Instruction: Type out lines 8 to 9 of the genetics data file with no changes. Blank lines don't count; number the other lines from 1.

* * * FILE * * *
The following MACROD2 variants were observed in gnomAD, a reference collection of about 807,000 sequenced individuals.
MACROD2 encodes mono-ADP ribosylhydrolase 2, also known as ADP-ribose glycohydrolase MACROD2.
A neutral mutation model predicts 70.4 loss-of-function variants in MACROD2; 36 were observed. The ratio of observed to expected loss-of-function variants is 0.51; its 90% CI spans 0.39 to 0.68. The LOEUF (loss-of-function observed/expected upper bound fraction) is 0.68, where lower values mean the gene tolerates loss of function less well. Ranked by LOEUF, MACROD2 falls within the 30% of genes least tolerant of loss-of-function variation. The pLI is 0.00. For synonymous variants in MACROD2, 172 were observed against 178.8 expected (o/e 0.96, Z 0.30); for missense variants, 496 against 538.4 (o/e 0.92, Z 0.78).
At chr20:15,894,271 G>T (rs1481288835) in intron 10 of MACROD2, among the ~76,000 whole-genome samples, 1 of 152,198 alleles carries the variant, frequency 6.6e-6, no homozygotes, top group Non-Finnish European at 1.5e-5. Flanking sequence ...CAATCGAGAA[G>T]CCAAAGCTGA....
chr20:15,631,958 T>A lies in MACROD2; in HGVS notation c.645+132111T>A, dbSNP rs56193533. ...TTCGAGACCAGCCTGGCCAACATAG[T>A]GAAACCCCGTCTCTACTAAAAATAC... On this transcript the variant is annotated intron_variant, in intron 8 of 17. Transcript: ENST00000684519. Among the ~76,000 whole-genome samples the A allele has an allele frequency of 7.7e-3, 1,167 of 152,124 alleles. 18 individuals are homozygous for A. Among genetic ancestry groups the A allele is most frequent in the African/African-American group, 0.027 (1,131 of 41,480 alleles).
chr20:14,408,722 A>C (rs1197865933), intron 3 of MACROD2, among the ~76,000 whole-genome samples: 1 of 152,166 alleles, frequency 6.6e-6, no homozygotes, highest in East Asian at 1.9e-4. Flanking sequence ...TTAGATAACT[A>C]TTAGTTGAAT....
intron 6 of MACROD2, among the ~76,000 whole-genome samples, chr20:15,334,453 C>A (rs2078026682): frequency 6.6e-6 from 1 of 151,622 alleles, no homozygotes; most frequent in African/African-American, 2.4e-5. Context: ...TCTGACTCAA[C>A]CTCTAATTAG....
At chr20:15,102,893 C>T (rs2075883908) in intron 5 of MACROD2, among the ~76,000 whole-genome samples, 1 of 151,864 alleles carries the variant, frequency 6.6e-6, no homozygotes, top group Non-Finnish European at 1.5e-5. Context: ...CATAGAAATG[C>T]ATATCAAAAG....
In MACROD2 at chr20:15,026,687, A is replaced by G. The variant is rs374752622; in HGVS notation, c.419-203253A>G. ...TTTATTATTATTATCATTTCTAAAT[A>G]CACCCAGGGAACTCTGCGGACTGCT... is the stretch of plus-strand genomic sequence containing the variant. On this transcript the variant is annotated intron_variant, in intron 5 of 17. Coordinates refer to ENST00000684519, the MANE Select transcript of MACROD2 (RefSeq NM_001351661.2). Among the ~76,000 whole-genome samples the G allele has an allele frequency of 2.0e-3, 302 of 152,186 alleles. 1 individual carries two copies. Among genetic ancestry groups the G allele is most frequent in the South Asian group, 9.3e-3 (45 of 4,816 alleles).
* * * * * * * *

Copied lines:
At chr20:15,102,893 C>T (rs2075883908) in intron 5 of MACROD2, among the ~76,000 whole-genome samples, 1 of 151,864 alleles carries the variant, frequency 6.6e-6, no homozygotes, top group Non-Finnish European at 1.5e-5. Context: ...CATAGAAATG[C>T]ATATCAAAAG....
In MACROD2 at chr20:15,026,687, A is replaced by G. The variant is rs374752622; in HGVS notation, c.419-203253A>G. ...TTTATTATTATTATCATTTCTAAAT[A>G]CACCCAGGGAACTCTGCGGACTGCT... is the stretch of plus-strand genomic sequence containing the variant. On this transcript the variant is annotated intron_variant, in intron 5 of 17. Coordinates refer to ENST00000684519, the MANE Select transcript of MACROD2 (RefSeq NM_001351661.2). Among the ~76,000 whole-genome samples the G allele has an allele frequency of 2.0e-3, 302 of 152,186 alleles. 1 individual carries two copies. Among genetic ancestry groups the G allele is most frequent in the South Asian group, 9.3e-3 (45 of 4,816 alleles).